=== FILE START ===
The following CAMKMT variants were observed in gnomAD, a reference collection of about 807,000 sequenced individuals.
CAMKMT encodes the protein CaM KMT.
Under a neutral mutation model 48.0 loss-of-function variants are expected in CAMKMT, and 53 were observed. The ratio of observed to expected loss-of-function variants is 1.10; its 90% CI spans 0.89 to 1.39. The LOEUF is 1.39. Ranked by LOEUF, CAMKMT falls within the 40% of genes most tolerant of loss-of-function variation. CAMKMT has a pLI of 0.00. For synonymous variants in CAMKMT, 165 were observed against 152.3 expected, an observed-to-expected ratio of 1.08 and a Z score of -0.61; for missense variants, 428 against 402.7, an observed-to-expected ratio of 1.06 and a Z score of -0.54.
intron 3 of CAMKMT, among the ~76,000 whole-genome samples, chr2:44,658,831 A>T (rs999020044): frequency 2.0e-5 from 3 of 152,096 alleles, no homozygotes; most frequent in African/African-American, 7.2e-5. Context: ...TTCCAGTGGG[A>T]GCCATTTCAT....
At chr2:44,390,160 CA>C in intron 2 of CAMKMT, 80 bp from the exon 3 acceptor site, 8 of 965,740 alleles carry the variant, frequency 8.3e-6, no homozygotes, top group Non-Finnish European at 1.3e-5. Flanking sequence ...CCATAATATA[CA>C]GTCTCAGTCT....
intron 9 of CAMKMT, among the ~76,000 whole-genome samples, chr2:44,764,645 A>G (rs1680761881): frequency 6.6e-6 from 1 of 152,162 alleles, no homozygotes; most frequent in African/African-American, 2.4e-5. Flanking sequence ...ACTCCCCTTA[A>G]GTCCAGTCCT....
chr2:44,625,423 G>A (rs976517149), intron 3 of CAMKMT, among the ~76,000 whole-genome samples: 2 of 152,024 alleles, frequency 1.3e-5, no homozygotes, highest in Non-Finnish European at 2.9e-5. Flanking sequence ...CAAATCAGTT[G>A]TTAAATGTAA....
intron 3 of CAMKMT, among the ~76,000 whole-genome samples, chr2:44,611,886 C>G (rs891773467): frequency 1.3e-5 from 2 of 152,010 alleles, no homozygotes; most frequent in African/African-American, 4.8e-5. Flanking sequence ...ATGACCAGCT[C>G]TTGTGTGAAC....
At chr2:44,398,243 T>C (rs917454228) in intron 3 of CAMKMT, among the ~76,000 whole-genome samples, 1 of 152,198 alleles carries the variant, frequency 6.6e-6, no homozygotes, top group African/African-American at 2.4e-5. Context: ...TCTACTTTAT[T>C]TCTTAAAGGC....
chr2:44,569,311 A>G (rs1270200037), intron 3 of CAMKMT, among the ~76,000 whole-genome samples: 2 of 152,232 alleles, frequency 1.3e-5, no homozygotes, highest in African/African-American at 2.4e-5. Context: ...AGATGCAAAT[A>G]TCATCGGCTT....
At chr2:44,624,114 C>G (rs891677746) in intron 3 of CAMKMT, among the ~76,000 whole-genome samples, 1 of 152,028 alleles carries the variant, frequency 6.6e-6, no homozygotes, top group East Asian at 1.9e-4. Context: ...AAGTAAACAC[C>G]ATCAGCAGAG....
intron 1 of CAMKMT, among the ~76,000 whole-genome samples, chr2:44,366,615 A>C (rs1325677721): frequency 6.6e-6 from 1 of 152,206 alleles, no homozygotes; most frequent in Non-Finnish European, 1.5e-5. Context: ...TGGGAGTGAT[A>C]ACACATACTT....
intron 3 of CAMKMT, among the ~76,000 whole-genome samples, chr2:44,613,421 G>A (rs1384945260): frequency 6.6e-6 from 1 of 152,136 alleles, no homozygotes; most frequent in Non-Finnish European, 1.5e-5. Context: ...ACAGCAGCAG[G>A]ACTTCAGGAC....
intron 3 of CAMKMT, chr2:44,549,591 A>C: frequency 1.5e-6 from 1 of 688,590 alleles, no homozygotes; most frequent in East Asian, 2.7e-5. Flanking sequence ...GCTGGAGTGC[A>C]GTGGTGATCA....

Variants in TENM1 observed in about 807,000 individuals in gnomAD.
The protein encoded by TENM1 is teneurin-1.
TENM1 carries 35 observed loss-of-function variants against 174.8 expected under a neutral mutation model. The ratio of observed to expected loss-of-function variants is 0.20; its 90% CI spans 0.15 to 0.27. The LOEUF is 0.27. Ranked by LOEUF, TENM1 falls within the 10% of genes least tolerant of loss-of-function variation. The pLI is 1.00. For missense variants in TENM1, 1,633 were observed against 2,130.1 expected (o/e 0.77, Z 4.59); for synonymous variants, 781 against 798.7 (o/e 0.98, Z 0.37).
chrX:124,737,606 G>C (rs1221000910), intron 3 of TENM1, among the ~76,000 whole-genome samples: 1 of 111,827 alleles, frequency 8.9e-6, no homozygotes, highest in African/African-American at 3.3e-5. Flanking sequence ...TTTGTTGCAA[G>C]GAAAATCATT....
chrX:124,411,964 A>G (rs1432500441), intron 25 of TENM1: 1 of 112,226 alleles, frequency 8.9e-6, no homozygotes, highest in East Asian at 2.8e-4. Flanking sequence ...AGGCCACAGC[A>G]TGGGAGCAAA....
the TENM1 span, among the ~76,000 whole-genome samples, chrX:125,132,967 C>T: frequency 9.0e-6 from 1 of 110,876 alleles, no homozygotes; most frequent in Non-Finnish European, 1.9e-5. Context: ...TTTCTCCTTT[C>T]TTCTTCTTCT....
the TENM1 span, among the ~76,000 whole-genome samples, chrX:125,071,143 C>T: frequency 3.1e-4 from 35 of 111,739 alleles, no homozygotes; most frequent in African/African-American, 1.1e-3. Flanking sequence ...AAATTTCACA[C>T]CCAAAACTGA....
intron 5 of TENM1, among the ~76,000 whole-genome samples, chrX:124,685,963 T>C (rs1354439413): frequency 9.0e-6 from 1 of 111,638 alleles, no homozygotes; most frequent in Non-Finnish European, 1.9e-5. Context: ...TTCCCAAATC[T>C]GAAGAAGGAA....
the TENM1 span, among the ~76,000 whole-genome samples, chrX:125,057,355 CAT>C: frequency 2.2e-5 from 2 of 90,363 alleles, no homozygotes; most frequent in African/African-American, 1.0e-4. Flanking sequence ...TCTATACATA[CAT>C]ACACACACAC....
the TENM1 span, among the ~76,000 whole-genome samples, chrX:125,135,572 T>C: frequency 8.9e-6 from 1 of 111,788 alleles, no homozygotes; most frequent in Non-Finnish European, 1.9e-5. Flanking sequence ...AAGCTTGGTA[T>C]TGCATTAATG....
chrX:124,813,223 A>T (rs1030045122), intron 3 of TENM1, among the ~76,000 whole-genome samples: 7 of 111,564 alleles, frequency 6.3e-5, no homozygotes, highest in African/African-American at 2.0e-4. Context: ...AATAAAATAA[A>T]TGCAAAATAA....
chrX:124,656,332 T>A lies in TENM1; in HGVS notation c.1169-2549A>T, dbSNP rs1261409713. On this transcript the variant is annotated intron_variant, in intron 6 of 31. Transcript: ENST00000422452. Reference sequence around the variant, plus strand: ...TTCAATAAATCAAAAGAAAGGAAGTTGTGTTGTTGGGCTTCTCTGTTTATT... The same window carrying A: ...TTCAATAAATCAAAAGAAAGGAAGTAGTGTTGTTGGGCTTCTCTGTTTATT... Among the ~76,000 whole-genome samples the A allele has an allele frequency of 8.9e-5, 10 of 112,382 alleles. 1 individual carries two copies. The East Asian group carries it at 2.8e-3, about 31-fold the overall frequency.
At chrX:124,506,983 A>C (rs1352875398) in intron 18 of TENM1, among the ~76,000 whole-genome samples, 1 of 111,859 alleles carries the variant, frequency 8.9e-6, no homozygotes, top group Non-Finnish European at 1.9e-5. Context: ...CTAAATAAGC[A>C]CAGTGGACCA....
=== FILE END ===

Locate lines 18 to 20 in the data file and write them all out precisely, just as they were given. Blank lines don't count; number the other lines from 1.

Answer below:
chrX:124,737,606 G>C (rs1221000910), intron 3 of TENM1, among the ~76,000 whole-genome samples: 1 of 111,827 alleles, frequency 8.9e-6, no homozygotes, highest in African/African-American at 3.3e-5. Flanking sequence ...TTTGTTGCAA[G>C]GAAAATCATT....
chrX:124,411,964 A>G (rs1432500441), intron 25 of TENM1: 1 of 112,226 alleles, frequency 8.9e-6, no homozygotes, highest in East Asian at 2.8e-4. Flanking sequence ...AGGCCACAGC[A>G]TGGGAGCAAA....
the TENM1 span, among the ~76,000 whole-genome samples, chrX:125,132,967 C>T: frequency 9.0e-6 from 1 of 110,876 alleles, no homozygotes; most frequent in Non-Finnish European, 1.9e-5. Context: ...TTTCTCCTTT[C>T]TTCTTCTTCT....